• Patulin: Patulin is a strongly suspected carcinogen, though it has proven difficult to directly link chronic exposure to specific types of cancer. It is also toxic to mammals, as proven by rodent studies: “At relatively high doses, patulin is acutely toxic in mice and rats, causing gastrointestinal lesions, distension and haemorrhage in the stomach and small intestine… LD50 values (lethal dose) of 20-100 mg/kg bodyweight have been reported for patulin administered orally to mice and rats.” (Patulin, Richard Lawley, January 30, 2013)[7]
  • Citrinin: Citrinin behaves much like a somewhat less virulent variety of ochratoxin A and has been shown to damage the kidneys of livestock, who frequently inhale it (via Penicillium spores) owing to their frequent contact with contaminated grain. According Trilogy Lab’s report on citrinin,[8] poultry were found to have damaged kidneys after being exposed to citrinin: “Poultry [were found] with the effects primarily on the kidney of these species. Regarding its relative toxicity, citrinin appears to be considerably less toxic to poultry than either oosporein or ochratoxin A, two other important nephrotoxic mycotoxins.” The report also expressed concern that citrinin could affect other major organs: “High levels of citrinin may affect the liver in addition to the kidney. In poultry common symptoms of toxicity by citrinin includes increased water consumption and diarrhea. These symptoms have been caused by levels as low as 130 and 260 ppm dietary citrinin.”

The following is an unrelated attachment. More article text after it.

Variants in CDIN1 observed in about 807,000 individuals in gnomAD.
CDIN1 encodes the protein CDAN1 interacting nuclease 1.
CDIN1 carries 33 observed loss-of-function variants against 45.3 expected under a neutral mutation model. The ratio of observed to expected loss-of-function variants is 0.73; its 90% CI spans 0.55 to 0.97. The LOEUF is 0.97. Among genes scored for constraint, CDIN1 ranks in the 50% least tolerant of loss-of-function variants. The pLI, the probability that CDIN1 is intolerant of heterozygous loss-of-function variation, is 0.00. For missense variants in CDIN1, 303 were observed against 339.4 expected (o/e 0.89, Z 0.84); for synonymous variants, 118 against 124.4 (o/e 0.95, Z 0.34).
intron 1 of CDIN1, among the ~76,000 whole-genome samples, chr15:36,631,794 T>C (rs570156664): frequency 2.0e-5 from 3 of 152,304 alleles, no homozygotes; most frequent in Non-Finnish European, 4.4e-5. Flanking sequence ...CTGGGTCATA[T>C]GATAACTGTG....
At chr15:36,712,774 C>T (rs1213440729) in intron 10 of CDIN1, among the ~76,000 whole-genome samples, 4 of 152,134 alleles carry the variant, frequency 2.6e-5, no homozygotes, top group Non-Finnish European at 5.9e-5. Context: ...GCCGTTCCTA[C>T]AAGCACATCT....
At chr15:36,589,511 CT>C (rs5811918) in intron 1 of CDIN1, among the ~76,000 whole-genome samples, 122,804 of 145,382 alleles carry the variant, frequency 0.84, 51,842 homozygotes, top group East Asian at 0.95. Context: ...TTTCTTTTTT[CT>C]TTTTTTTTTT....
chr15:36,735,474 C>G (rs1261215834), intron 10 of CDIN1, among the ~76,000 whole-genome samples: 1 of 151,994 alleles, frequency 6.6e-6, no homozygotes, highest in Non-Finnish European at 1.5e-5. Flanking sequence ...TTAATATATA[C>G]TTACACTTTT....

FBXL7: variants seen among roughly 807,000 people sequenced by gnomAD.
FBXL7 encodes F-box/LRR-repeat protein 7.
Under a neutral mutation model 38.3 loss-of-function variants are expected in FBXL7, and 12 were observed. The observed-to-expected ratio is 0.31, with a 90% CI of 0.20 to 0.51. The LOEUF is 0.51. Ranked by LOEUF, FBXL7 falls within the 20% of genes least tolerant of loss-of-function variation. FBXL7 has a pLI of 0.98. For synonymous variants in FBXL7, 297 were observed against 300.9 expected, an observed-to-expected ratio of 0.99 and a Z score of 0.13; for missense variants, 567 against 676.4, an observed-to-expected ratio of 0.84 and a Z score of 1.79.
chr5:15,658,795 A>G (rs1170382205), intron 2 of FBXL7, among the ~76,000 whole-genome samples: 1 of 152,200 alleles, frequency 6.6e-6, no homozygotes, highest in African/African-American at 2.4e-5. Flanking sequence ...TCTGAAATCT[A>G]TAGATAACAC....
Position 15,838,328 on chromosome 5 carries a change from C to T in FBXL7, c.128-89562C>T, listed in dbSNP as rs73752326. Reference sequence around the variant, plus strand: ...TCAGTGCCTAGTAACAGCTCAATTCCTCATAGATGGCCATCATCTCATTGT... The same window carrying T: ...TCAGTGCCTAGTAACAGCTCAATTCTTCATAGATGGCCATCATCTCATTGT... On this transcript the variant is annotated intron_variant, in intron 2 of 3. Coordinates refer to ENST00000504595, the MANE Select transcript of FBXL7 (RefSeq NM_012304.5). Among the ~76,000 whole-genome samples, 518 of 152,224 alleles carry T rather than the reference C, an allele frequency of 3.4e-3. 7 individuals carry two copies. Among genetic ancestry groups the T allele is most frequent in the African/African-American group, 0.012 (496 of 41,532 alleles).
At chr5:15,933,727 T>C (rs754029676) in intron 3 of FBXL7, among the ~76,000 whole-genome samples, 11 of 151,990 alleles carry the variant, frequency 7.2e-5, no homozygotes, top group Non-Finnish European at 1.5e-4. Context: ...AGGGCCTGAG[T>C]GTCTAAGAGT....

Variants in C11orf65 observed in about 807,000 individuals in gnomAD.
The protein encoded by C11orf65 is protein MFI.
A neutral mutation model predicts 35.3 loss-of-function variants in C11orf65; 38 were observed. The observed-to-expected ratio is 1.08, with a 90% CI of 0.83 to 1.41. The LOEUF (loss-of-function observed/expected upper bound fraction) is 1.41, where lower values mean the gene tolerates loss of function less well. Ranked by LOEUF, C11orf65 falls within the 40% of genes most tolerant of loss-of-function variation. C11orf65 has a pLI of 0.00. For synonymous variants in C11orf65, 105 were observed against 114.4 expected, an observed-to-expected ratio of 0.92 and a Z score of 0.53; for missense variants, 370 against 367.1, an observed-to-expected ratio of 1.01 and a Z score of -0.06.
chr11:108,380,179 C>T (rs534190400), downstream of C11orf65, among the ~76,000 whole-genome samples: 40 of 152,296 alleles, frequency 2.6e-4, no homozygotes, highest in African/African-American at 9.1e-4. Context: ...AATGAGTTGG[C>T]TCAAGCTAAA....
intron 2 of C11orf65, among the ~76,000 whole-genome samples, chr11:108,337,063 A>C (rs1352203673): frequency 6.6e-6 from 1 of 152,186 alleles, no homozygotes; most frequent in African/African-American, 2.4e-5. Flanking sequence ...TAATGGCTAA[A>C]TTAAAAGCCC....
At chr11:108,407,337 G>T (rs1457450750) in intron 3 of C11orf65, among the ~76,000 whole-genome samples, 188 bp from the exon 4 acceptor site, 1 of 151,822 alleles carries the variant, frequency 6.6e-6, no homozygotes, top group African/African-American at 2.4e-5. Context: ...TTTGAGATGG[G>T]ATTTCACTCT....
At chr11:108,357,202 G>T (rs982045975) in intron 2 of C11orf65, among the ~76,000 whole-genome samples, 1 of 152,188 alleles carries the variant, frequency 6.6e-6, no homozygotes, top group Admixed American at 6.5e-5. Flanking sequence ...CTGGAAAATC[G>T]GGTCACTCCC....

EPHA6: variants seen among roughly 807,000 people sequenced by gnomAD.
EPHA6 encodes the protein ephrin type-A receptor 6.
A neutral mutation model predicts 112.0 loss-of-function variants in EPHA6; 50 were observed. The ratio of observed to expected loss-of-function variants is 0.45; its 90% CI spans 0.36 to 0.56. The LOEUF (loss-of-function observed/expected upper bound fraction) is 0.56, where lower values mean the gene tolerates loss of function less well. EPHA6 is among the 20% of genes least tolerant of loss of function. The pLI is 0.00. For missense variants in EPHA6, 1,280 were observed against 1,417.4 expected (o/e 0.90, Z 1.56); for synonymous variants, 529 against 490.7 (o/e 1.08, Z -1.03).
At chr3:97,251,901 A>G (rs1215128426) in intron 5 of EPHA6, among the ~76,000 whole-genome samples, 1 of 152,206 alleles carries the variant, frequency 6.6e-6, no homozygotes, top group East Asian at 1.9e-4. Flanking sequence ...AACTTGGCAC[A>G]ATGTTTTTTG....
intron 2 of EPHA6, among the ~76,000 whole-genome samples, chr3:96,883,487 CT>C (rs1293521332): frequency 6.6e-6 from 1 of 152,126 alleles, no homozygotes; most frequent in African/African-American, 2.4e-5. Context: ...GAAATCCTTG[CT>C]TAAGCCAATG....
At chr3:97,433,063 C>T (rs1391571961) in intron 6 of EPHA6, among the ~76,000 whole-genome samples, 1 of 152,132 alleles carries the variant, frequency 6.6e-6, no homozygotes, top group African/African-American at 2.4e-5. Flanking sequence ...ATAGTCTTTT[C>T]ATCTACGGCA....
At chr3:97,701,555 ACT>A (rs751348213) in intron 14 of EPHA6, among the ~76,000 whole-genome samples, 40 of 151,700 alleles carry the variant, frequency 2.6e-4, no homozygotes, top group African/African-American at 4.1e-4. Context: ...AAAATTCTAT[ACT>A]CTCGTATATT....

• Citreoviridin: Citreoviridin has been shown to have strongly neurotoxic effects at high doses; in lab animals, exposure has been demonstrated to cause paralysis in the extremities, followed by convulsions and respiratory arrest.[9] According to the site Toxic Black Mold, “Citreoviridin is produced by Penicillium citreonigrum, toxicarium, citreoviride,charlesii and ochrosalmoneum and Aspergillus terreus.” It has been directly implicated in “Paralysis of limbs, vomiting, convulsions, cardiovascular damage, and respiratory arrest in mice, cats, and dogs.” Citreoviridin, which frequently enters indoor environments via contaminated rice in Asia and maize in the U.S, is also suspected of causing a “Beriberi like illness in Japan and China where rice is contaminated with the mycotoxin. Chronic exposure to contaminated cereals has [also] been suggested as a cause of Keshan disease in China.”[10]